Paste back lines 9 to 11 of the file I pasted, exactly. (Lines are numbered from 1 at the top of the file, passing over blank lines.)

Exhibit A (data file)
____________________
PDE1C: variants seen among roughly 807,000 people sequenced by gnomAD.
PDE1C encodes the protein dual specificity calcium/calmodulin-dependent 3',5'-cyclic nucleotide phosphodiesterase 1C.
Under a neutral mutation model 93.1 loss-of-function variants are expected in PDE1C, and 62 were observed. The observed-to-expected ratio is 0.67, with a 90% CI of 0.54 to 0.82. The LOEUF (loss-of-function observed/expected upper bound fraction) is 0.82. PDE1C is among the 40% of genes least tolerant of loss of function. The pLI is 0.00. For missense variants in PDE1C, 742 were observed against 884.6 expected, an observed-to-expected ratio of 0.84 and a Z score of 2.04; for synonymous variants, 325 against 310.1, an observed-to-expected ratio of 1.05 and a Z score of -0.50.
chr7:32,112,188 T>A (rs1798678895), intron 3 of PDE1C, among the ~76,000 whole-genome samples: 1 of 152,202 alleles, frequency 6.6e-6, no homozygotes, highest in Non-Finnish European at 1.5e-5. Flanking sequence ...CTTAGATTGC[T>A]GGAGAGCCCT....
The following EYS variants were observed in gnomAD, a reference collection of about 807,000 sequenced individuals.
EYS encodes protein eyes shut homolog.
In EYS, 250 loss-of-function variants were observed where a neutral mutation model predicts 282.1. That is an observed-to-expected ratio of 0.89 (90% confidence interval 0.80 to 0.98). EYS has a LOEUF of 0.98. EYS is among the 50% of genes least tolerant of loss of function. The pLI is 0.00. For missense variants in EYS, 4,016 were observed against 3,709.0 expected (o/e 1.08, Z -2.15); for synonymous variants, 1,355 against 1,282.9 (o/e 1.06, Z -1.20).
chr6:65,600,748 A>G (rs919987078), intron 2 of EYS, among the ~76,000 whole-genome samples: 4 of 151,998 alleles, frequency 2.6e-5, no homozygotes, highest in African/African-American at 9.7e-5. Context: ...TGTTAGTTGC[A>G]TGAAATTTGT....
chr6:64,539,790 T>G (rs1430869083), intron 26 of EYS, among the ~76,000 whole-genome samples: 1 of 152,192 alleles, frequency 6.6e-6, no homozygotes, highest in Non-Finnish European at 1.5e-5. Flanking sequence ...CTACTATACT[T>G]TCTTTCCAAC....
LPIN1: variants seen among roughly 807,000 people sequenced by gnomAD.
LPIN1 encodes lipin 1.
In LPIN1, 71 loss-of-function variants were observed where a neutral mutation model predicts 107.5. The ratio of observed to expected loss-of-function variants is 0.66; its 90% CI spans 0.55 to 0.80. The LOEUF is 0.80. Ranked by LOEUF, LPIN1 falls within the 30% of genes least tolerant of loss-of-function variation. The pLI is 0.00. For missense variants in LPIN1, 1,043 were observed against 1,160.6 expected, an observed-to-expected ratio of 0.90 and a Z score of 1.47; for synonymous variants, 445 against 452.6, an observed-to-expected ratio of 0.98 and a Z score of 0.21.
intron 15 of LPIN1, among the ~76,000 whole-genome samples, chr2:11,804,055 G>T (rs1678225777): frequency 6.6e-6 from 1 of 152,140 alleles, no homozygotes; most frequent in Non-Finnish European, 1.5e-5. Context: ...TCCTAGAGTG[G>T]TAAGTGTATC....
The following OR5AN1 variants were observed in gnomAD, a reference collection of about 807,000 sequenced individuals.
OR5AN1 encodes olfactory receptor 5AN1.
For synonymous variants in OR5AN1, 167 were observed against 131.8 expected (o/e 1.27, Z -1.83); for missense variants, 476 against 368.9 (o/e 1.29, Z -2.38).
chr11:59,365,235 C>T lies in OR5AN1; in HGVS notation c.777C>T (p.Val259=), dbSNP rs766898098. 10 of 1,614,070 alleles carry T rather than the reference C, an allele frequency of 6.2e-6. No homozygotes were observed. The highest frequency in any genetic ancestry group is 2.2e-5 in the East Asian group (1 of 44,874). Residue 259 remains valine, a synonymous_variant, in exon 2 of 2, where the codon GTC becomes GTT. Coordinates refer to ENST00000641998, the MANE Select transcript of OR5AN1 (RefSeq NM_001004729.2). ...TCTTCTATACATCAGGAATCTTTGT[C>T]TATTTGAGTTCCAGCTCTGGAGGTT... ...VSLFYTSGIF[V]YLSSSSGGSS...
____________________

chr6:64,539,790 T>G (rs1430869083), intron 26 of EYS, among the ~76,000 whole-genome samples: 1 of 152,192 alleles, frequency 6.6e-6, no homozygotes, highest in Non-Finnish European at 1.5e-5. Flanking sequence ...CTACTATACT[T>G]TCTTTCCAAC....
LPIN1: variants seen among roughly 807,000 people sequenced by gnomAD.
LPIN1 encodes lipin 1.